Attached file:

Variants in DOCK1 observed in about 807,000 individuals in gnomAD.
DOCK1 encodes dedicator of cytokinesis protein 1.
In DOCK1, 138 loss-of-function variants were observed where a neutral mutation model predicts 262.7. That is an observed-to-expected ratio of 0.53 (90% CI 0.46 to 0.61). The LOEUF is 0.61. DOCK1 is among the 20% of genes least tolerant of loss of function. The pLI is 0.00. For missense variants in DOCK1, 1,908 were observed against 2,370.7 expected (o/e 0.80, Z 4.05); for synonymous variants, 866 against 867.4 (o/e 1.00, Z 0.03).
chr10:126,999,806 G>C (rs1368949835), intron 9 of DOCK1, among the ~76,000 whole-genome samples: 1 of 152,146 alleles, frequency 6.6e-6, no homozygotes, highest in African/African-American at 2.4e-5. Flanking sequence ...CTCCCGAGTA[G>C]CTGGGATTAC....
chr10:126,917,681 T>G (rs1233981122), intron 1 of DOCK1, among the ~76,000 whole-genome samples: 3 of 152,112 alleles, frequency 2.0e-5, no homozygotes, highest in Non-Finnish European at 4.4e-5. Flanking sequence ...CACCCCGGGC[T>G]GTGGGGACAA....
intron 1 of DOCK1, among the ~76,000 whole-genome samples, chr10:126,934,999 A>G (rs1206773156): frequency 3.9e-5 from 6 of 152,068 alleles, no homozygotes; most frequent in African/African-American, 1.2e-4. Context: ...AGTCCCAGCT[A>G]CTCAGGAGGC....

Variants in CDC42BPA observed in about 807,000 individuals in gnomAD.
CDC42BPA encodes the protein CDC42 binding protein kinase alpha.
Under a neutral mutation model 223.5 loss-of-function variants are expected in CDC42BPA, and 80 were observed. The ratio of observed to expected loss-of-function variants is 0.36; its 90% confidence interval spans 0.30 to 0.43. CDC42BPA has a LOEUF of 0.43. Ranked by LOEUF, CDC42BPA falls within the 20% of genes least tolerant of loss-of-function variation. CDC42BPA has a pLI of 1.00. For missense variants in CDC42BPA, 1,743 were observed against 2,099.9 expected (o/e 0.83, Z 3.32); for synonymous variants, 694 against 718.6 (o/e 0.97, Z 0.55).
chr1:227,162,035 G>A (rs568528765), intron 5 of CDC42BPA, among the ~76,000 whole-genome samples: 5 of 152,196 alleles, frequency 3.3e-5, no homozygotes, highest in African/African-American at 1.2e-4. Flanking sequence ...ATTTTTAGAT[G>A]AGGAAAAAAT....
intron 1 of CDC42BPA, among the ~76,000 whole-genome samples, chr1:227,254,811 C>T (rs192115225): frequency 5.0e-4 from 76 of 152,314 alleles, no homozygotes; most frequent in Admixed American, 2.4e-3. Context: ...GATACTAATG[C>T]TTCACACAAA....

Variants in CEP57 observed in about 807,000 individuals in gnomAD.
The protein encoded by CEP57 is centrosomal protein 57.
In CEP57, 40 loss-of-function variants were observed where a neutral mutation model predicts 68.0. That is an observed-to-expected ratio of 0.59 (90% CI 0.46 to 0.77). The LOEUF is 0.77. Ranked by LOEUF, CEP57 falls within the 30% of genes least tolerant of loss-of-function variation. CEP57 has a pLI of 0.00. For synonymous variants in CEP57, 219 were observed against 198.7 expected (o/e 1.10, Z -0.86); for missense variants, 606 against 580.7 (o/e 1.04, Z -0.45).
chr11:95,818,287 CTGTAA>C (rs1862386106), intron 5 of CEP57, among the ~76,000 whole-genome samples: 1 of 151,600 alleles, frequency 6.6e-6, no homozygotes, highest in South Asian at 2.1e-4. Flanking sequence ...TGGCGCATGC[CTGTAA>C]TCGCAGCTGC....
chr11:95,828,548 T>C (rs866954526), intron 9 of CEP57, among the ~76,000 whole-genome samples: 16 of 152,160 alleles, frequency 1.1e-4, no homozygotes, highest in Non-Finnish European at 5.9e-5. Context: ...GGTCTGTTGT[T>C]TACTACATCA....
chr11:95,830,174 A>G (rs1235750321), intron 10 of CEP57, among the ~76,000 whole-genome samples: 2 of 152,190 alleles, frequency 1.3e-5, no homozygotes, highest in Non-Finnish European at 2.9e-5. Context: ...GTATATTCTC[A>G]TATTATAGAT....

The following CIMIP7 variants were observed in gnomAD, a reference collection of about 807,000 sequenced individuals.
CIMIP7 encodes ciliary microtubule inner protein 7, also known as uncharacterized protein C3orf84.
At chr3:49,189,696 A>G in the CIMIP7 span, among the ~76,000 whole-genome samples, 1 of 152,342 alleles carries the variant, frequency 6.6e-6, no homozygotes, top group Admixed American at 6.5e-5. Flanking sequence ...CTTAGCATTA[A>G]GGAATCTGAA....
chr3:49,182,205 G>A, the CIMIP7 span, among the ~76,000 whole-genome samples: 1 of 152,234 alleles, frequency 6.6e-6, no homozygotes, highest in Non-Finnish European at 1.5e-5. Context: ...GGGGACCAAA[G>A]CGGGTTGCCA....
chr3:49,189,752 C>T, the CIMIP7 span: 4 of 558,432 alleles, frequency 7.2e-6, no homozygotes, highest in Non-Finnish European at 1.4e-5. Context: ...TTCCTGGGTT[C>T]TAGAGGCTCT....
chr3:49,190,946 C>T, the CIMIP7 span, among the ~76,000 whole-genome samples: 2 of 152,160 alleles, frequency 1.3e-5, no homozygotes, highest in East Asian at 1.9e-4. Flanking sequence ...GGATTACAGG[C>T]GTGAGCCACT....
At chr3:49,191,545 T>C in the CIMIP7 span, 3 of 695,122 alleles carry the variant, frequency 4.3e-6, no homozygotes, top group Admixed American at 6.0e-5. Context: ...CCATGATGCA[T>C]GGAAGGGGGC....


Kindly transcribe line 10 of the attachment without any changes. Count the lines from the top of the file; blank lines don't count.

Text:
chr1:227,162,035 G>A (rs568528765), intron 5 of CDC42BPA, among the ~76,000 whole-genome samples: 5 of 152,196 alleles, frequency 3.3e-5, no homozygotes, highest in African/African-American at 1.2e-4. Flanking sequence ...ATTTTTAGAT[G>A]AGGAAAAAAT....